UD fell victim to a post-Groundhog flu outbreak because of too few vaccinations. Photo by Kathleen Miller.

One of the busiest spots at the University of Dallas the last two weeks is also one of the smallest: the Student Health Clinic in upstairs Haggar.

It’s here that students have flocked since the outbreak of what’s being called the worst flu outbreak to hit UD in memory.

Dr. Laurette Dekat emphasized the importance of preventative measures, particularly vaccination, in controlling the outbreak.

Dekat stressed the benefits of vaccination even as concern about vaccines seems to be growing nationally — concerns that doctors and scientists say are largely based in myth.

Few students who were vaccinated have come down with the flu, according to the university’s clinicians. And only a fraction of students used the university’s clinic to get the flu vaccine, raising questions as to whether many simply went unvaccinated.

“On the whole, it’s not a bad flu season,” Dr. Lora Rodriguez said. “It just happens to have been able to come on campus in a population that’s not vaccinated. That’s why we’re having the outbreak.”

Dekat explained that this year’s vaccine is the first intradermal quadrivalent flu vaccine, meaning that it protects against four different strains and is administered to the dendritic cells just beneath the skin, which allows the immune system to immediately recognize its presence.

Protection against the influenza A strain at fault for UD’s outbreak, H3N2, is included in this year’s vaccine.

The vaccine also protects against influenza B, which often causes a secondary outbreak in communities that have experienced an influenza A outbreak. Vaccinated students would therefore be protected not only from the currently predominant illness, but also a long-term risk.

“Most of the kids who come in with the flu shot do not come in with the flu,” Rodriguez said.

So far, only two of the clinic’s confirmed flu patients had been vaccinated. According to Rodriguez, both these cases were relatively mild and short-lived.

Both doctors maintained that vaccination continues to be an important step toward personal protection in light of this year’s relatively delayed spike in flu cases.

While U.S. cases had already peaked by February in the past two years, they are still on the rise today.

All students who have come to the clinic for unrelated issues have been recommended the vaccine if they are capable of receiving it and have not already done so.

In addition to aiding individual experiences of the illness, the vaccination develops the potential for herd immunity. This occurs when enough members of the community are vaccinated against the disease that those who cannot receive the vaccine due to other health concerns, such as compromised immune systems, are protected from coming into contact with a person carrying the virus.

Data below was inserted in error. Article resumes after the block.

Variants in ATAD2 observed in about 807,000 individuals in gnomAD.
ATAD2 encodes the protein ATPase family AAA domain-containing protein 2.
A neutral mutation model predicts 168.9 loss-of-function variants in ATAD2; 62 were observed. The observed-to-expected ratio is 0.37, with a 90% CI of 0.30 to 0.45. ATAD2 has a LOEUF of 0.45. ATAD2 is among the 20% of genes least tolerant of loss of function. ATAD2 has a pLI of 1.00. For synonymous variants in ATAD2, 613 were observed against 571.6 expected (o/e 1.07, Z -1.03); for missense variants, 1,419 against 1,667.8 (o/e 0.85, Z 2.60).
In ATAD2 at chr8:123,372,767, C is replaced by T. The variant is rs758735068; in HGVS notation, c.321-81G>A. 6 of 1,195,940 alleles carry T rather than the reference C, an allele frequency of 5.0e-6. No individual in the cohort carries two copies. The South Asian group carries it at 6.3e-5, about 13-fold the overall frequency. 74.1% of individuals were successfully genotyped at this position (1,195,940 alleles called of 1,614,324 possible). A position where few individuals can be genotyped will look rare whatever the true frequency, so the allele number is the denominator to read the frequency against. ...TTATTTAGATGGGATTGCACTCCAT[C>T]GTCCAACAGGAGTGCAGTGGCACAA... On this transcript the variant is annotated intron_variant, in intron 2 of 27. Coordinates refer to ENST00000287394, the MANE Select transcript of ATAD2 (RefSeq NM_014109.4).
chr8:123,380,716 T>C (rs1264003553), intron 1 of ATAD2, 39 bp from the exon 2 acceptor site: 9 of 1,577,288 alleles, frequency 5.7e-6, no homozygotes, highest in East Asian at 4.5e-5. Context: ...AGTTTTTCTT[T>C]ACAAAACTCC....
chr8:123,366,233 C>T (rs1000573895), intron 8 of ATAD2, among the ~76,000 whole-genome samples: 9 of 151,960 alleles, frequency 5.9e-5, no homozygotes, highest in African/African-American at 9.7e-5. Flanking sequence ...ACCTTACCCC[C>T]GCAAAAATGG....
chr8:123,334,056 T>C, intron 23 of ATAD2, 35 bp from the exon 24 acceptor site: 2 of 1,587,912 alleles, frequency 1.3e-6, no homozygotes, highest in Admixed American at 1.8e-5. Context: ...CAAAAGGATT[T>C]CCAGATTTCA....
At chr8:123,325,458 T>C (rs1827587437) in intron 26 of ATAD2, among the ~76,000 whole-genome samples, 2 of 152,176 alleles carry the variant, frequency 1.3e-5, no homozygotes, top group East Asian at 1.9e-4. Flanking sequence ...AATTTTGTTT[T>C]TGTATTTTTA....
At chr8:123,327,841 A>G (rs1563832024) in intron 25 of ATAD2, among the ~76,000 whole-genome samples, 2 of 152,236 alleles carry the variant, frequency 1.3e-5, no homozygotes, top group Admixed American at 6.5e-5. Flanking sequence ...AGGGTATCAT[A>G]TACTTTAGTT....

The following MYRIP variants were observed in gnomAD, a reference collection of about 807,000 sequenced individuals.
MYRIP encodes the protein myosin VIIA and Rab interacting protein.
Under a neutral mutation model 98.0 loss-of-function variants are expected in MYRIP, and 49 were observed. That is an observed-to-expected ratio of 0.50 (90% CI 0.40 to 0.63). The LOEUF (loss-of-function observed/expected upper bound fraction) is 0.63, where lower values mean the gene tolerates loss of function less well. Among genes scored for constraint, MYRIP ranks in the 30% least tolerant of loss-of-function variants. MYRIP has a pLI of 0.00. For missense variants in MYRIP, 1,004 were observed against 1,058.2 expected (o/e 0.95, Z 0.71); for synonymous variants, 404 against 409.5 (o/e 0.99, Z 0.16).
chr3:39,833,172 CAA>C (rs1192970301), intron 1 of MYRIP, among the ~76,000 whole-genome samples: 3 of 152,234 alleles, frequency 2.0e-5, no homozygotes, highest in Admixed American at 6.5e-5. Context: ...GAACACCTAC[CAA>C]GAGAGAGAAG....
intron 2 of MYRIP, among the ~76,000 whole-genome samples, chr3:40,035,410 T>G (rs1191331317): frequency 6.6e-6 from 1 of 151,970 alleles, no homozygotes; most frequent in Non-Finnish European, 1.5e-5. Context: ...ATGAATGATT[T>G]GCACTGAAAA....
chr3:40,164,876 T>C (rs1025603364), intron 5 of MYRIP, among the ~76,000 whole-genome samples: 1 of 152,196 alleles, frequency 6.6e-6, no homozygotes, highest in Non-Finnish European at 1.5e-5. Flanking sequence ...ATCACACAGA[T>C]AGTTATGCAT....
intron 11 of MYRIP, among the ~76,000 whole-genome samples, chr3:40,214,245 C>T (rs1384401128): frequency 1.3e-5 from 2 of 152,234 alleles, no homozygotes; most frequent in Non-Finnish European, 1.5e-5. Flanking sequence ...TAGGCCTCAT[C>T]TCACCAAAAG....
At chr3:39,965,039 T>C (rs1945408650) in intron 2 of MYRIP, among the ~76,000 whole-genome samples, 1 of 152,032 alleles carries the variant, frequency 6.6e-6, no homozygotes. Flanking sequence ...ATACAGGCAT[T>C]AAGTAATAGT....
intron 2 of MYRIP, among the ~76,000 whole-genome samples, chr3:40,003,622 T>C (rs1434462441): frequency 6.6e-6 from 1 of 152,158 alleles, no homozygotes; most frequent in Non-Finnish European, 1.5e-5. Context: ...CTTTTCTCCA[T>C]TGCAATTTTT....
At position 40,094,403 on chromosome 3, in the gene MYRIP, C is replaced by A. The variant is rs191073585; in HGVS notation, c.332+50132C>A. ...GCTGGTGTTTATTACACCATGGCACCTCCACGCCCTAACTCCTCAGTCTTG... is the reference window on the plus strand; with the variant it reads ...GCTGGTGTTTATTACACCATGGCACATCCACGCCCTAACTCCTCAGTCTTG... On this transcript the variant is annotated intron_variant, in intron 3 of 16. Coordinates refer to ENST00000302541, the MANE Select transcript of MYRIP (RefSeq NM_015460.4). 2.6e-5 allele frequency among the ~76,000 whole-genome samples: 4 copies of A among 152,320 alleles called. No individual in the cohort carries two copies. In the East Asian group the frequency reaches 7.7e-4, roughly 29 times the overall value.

“The vaccine is not a hundred percent effective in that not everybody makes antibodies to the one shot,” Rodriguez said. “So there will be some people that wouldn’t have made antibodies at all.”

“That’s what people don’t realize,” Dekat said. “Vaccine isn’t just for the individual, it’s for the whole community.”

This flu season has seen improved vaccination rates from last year.

According to Dekat, 180 students had been vaccinated at the clinic by the end of November, up from 136 in 2015. Sixteen had been vaccinated between the end of November 2016 and Feb. 3, 2017, but Rodriguez said that around five vaccines were administered per day in the beginning of the outbreak.

These numbers do not include students and faculty who were vaccinated in other clinics.

“I can’t tell you the number of people who come in and say, ‘Well, maybe I did [get vaccinated], I definitely got a lot in the summer,” Rodriguez said. “If you got it before September, it was not this year’s flu vaccine.”

“In the 15 years I’ve been here, I have never seen [an outbreak] this bad,” Dekat said. “I’d say probably about half as many people [got] sick in the past.”

Last flu season, only two UD students were treated at the clinic for the flu. H1N1 was the dominant 2015-2016 strain, which produced much milder symptoms.

This year’s strain is more serious, and has caused all UD’s confirmed cases with the exception of one influenza B case in January.

However, the university’s outbreak isn’t just a matter of vaccination. It also has a lot to do with the way UD students are.

“You guys have so much fun and were so communal,” Rodriguez said. “One of the kids said, ‘yeah, it’s cause we’re such a communal group of people. You guys are sharing and including everybody, and you’re giving everybody hugs and breathing all over each other, and you’re sharing drinks and you’re sharing food at multiple events in a row.”

And, it appears, germs.

Students can get their flu shots in the clinic on weekdays from 9 a.m. to 4 p.m.


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